Prime (symbol)

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Not to be confused with prime number. Prime (symbol)_sentence_0

The prime symbol ′, double prime symbol ″, triple prime symbol ‴, and quadruple prime symbol ⁗ are used to designate units and for other purposes in mathematics, science, linguistics and music. Prime (symbol)_sentence_1

Although the characters differ little in appearance from those of the apostrophe (or the single or double quotation mark), the appropriate uses of the prime symbol are different. Prime (symbol)_sentence_2

While an apostrophe is often used in place of the prime (and a double quote in place of the double prime) due to the lack of the prime and double prime symbols on everyday keyboards, such substitutions would not normally be considered appropriate in formal materials or in typesetting. Prime (symbol)_sentence_3

Designation of units Prime (symbol)_section_0

See also: Positional notation § Sexagesimal system Prime (symbol)_sentence_4

The prime symbol ′ is commonly used to represent feet (ft), and the double prime ″ is used to represent inches (in). Prime (symbol)_sentence_5

The triple prime ‴ as used in watchmaking represents a ligne (about 2.26 millimetres or 0.089 inches). Prime (symbol)_sentence_6

Primes are also used for angles. Prime (symbol)_sentence_7

The prime symbol ′ is used for arcminutes (​⁄60 of a degree), and the double prime ″ for arcseconds (​⁄60 of an arcminute). Prime (symbol)_sentence_8

As an angular measurement, 3° 5′ 30″ means 3 degrees, 5 arcminutes and 30 arcseconds. Prime (symbol)_sentence_9

In historical astronomical works, the triple prime was used to denote "thirds" (​⁄60 of an arcsecond) and a quadruple prime ⁗ "fourths" (​⁄60 of a third of arc), but modern usage has replaced this with decimal values of arcseconds. Prime (symbol)_sentence_10

Primes are sometimes used to indicate minutes, and double primes to indicate seconds of time, as in the John Cage composition 4'33", pronounced (and the composition itself lasting) 4 minutes 33 seconds. Prime (symbol)_sentence_11

This notation only applies to duration, and is seldom used for durations longer than 60 minutes. Prime (symbol)_sentence_12

Use in mathematics, statistics, and science Prime (symbol)_section_1

In mathematics, the prime is generally used to generate more variable names for similar things without resorting to subscripts, with x′ generally meaning something related to (or derived from) x. Prime (symbol)_sentence_13

For example, if a point is represented by the Cartesian coordinates (x, y), then that point rotated, translated or reflected might be represented as (x′, y′). Prime (symbol)_sentence_14

Usually, the meaning of x′ is defined when it is first used, but sometimes, its meaning is assumed to be understood: Prime (symbol)_sentence_15

Prime (symbol)_unordered_list_0

  • A derivative or differentiated function: in Lagrange's notation, f ′(x) and f ″(x) are the first and second derivatives of f (x) with respect to x. Likewise are f ‴(x) and f ⁗(x) . Similarly, if y = f (x), then y′ and y″ are the first and second derivatives of y with respect to x. Other notation for derivatives also exists (see Notation for differentiation).Prime (symbol)_item_0_0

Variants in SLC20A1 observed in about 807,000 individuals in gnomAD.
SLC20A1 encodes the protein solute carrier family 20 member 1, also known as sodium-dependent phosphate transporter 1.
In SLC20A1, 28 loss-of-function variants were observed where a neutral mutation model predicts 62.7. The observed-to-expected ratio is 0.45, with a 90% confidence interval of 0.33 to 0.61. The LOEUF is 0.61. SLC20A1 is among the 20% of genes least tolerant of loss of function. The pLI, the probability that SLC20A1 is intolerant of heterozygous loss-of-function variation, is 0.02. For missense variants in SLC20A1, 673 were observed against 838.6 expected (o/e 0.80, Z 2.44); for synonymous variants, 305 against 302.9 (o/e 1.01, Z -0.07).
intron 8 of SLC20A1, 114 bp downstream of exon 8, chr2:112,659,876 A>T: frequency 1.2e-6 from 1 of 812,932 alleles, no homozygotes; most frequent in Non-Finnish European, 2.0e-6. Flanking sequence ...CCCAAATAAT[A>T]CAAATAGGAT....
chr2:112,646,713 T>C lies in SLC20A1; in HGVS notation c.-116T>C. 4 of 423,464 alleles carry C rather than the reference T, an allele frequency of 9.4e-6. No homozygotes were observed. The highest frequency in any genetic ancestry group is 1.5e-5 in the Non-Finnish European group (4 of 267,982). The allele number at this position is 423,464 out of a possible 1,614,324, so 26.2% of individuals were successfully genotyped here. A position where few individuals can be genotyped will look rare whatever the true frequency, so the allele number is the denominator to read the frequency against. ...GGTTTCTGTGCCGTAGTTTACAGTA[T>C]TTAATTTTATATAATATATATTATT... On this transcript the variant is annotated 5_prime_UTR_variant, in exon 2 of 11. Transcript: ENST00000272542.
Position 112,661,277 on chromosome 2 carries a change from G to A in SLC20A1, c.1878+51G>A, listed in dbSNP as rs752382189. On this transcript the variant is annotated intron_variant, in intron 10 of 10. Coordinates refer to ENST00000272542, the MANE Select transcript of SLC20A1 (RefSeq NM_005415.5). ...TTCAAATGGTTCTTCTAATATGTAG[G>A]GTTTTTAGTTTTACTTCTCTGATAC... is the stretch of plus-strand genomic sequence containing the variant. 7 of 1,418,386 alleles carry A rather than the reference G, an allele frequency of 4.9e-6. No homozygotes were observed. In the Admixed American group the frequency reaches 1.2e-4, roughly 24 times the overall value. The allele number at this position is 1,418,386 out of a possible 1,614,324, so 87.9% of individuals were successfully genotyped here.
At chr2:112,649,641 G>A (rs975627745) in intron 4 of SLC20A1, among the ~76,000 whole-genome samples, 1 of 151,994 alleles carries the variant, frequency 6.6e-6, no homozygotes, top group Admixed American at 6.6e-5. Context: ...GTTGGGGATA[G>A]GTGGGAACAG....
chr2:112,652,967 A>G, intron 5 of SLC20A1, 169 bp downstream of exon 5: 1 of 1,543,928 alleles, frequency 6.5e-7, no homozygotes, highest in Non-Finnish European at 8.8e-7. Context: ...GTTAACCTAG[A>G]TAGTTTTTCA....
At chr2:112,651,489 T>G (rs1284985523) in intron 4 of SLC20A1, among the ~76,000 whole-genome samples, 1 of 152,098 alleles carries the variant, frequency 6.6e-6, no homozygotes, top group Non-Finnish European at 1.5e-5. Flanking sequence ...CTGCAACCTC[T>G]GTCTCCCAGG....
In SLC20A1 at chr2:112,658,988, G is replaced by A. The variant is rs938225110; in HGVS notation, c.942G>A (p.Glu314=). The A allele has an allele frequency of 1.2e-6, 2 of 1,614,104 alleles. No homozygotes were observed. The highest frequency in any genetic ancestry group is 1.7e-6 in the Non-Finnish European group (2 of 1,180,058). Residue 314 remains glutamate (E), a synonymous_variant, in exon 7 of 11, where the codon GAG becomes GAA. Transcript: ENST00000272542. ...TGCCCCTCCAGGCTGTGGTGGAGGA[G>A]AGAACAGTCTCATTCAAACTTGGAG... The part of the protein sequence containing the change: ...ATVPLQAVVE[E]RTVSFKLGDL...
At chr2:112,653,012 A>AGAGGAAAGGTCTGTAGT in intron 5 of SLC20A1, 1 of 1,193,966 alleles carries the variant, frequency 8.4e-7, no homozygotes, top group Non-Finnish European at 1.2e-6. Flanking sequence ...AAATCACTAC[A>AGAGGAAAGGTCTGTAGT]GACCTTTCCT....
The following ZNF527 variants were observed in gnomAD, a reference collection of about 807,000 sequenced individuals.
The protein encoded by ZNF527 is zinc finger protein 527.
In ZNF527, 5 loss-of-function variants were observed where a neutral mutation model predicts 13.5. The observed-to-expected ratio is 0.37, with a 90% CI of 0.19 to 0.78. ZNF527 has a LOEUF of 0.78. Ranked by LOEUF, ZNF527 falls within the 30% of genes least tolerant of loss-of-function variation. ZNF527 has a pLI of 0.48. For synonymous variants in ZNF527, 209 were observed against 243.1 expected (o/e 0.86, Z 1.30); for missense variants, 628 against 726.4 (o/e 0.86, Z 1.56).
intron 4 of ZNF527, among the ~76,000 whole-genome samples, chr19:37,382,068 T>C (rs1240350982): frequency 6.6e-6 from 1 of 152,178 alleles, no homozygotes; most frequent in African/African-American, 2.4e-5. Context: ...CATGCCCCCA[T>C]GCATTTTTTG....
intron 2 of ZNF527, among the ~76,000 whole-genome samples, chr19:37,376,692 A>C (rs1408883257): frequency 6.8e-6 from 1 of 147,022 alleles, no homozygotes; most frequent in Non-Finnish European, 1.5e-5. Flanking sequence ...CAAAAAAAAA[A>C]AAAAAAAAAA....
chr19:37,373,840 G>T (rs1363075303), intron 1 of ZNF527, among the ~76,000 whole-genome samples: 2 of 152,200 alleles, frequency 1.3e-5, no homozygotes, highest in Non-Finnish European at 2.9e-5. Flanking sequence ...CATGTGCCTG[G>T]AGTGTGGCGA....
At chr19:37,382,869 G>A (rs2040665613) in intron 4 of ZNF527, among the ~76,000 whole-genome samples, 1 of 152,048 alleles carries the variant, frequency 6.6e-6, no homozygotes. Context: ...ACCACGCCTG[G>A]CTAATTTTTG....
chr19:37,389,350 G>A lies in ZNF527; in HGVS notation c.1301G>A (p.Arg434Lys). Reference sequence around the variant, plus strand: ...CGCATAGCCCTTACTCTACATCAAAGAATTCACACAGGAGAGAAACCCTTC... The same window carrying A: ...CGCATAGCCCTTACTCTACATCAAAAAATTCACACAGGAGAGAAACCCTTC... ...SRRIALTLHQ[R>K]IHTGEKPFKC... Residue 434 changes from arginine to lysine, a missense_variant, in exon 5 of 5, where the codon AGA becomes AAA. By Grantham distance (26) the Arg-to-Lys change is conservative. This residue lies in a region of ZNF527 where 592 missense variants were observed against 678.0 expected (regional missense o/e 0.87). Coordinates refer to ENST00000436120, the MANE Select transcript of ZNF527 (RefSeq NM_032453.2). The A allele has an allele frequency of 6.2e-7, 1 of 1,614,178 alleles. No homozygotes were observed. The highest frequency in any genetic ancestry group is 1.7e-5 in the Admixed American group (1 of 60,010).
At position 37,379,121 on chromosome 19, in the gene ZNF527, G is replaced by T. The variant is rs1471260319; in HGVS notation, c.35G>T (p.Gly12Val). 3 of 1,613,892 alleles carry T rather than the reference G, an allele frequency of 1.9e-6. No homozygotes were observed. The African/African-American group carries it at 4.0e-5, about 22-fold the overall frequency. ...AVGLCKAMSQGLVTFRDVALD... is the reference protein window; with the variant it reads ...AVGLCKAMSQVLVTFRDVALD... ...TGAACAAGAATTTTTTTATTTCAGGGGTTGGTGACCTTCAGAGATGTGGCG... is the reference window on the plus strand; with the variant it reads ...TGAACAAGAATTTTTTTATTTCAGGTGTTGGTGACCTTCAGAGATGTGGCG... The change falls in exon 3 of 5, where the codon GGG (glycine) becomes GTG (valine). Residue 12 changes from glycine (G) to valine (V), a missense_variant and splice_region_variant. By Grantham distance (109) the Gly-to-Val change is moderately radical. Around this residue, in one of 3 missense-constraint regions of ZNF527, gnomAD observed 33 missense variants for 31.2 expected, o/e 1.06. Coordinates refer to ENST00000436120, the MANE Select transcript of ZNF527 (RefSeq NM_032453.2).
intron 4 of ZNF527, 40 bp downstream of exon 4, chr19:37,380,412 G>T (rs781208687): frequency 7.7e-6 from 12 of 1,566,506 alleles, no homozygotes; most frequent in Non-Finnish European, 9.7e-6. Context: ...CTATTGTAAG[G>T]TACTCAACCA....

• Set complement: A′ is the complement of the set A (other notation also exists).Prime (symbol)_item_0_1
  • The negation of an event in probability theory: Pr(A′) = 1 − Pr(A) (other notation also exists).Prime (symbol)_item_0_2
  • The result of a transformation: Tx = x′Prime (symbol)_item_0_3
  • The transpose of a matrix (other notation also exists)Prime (symbol)_item_0_4

The prime is said to "decorate" the letter to which it applies. Prime (symbol)_sentence_16

The same convention is adopted in functional programming, particularly in Haskell. Prime (symbol)_sentence_17

In geometry, geography and astronomy, prime and double prime are used as abbreviations for minute and second of arc (and thus latitude, longitude, elevation and right ascension). Prime (symbol)_sentence_18

In physics, the prime is used to denote variables after an event. Prime (symbol)_sentence_19

For example, vA′ would indicate the velocity of object A after an event. Prime (symbol)_sentence_20

It is also commonly used in relativity: the event at (x, y,  z, t) in frame S, has coordinates (x′, y′, z′, t′) in frame S′. Prime (symbol)_sentence_21

In chemistry, it is used to distinguish between different functional groups connected to an atom in a molecule, such as R and R′, representing different alkyl groups in an organic compound. Prime (symbol)_sentence_22

The carbonyl carbon in proteins is denoted as C′, which distinguishes it from the other backbone carbon, the alpha carbon, which is denoted as Cα. Prime (symbol)_sentence_23

In physical chemistry, it is used to distinguish between the lower state and the upper state of a quantum number during a transition. Prime (symbol)_sentence_24

For example, J ′ denotes the upper state of the quantum number J while J ″ denotes the lower state of the quantum number J. Prime (symbol)_sentence_25

In molecular biology, the prime is used to denote the positions of carbon on a ring of deoxyribose or ribose. Prime (symbol)_sentence_26